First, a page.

Being 18 and 22, my kids are just a smidge old to have experienced the beginning of the Lego Renaissance. Those of you with kids younger, and those of you all into things pop culture, will know what I mean. But awhile back Lego began to obtain licenses to popular franchises and so you had and have: Lego Harry Potter, Lego Batman, Lego Avengers, Lego Star Wars, and all that stuff. And moreover, with the rise of Lego collector's clubs, Lego movies and video games, and even a Lego Documentary (!), Legos have moved from being a children's toy to a popular form of play and fun for adults. It's all pretty cool.
But one of the endearing things about Legos is what also clearly separates them from being, as an art form, anything close to life-like. Legos are blocky. They're quadrilateral. They have lots of right angles. And they have those pegs that allow for their capability to become ever-larger, but that are also aesthetically non-pleasing. So like any medium, Legos are limited.
Which brings me to Howard County. Columbia, specifically. Funny, but my recent post about the approval of the TIF-- apparently, according to people who've contacted me, I'm both a TIF hater and a TIF lover! Too cute. So let me be clear where I stand on this TIF thing. I think the TIF's limitation is that it didn't go far enough, to do more. I woulda liked to have seen it extended to include the Oakland Mills Village Center, for example. Or even the lakefront. But I also think that supporters of the Kittleman Administration and others, who said that if the TIF wasn't approved, that HoHu woulda just packed up and left-- I think those people were simply sycophants for the Chicken Little stuff that HoHu was putting out.
On the third hand, I think that, had I been a Council member, I woulda wanted to have seen more direct connectivity between approval of the TIF and the existence of affordable housing in downtown. Some people tell me that the Memorandum of Understanding the Council has entered into with HoHu creates that connectivity. I hope so.
But now we are on to the next phase. We approved the TIF; there was more than enough concern that, should the TIF not be passed, downtown would become a land of Wal-Marts and garden apartments. And so now what?
In my view, "what" is that we demand a downtown Columbia that looks like nothing like it in Maryland, that leads suburban design in the state for at least the next 50 years. And so what does that look like?
We have no better example for an answer to this question that one that's in our own midst. Have any of you in Readerland been to the Chrysalis project in Symphony Woods lately? It's part of the Inner Arbor project. If you haven't, then behold some pictures I took there recently:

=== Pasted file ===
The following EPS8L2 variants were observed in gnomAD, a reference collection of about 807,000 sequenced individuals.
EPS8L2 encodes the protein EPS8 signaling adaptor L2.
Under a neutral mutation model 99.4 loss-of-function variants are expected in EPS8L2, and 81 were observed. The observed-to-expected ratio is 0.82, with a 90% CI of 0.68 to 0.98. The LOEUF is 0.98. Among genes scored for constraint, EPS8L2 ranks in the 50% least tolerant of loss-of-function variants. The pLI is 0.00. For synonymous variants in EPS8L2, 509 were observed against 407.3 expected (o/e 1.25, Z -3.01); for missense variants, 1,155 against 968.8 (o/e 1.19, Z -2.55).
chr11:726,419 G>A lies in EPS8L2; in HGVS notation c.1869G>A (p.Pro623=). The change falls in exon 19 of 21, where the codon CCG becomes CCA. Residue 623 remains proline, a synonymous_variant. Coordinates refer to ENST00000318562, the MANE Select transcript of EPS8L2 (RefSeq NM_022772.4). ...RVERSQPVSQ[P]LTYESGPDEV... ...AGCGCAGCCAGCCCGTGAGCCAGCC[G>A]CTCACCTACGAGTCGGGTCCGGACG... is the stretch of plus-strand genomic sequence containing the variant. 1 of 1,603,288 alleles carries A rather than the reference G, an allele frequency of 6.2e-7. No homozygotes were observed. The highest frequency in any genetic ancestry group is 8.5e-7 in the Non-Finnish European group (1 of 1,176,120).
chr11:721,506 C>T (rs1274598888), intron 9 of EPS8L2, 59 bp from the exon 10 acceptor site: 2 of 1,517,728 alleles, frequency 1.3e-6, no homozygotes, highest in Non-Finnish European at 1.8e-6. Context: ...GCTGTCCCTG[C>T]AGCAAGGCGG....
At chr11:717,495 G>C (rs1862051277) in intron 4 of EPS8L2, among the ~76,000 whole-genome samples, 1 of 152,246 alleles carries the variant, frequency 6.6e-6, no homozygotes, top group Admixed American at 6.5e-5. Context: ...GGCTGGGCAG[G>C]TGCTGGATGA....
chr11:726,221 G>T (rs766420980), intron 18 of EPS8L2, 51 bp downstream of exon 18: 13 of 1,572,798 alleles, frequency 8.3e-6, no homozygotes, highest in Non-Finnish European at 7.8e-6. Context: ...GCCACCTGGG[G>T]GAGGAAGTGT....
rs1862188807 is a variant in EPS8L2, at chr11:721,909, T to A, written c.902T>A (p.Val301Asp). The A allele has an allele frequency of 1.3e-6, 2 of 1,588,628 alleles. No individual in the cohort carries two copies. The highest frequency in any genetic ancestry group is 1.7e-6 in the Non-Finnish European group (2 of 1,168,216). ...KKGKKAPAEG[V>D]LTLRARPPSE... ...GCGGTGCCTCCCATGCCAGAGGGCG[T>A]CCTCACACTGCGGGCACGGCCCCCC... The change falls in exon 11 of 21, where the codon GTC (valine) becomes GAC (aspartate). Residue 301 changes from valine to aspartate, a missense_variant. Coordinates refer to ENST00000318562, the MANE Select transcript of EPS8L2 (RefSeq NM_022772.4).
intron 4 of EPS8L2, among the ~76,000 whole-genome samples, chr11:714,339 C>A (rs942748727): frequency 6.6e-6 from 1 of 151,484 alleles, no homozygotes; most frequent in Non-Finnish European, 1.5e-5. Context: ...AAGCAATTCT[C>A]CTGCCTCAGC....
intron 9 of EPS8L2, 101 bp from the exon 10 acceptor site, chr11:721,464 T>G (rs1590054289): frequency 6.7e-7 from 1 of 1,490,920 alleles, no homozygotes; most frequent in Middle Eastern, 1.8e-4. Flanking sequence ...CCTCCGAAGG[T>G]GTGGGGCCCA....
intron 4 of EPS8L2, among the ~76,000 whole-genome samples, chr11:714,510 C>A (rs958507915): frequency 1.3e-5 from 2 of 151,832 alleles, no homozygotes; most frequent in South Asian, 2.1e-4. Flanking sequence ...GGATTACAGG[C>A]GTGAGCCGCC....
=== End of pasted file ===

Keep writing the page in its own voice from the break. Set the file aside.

These are pictures of the two stages of the amphitheater, which will be completed in January and will host its first show in April. Visiting the site, one feels peaceful and has a great sense of space just in walking around the environment. By the way, did you know the Chrysalis will be open to the public at pretty much all times? It will be. It's a work of art as well as a work of function and it seems like it'll be a great place to read, meditate, rest, or gather.
See what else about it's distinctive design? Bright hues with subtle color changes, yet all staying within the "earthy, natural" color motif? Lots of open air and open space-- very airy. Oh, and lots of curves-- not blocky. Not like Legos at all.
I believe that as a county, when it comes time to design the buildings that will go into the Crescent property and other parts of downtown Columbia, that we need to demand innovative design like this. Not some nonsense that's a knock-off of Bethesda or Reston or somewhere near Union Station. That's a load of bat guano. Something world-class instead of locally unique? Now you're talking. And I mean really world class, not faux world class like we talk about here in HoCo way too much.
I hope to bring to you news regarding the Howard County Human Rights Commission in my next post. News that might surprise you! I could tell you now, but that would be.....telling! Patience, please. And besides, this may not pan out. Then again, it might.
Let's be careful out there.
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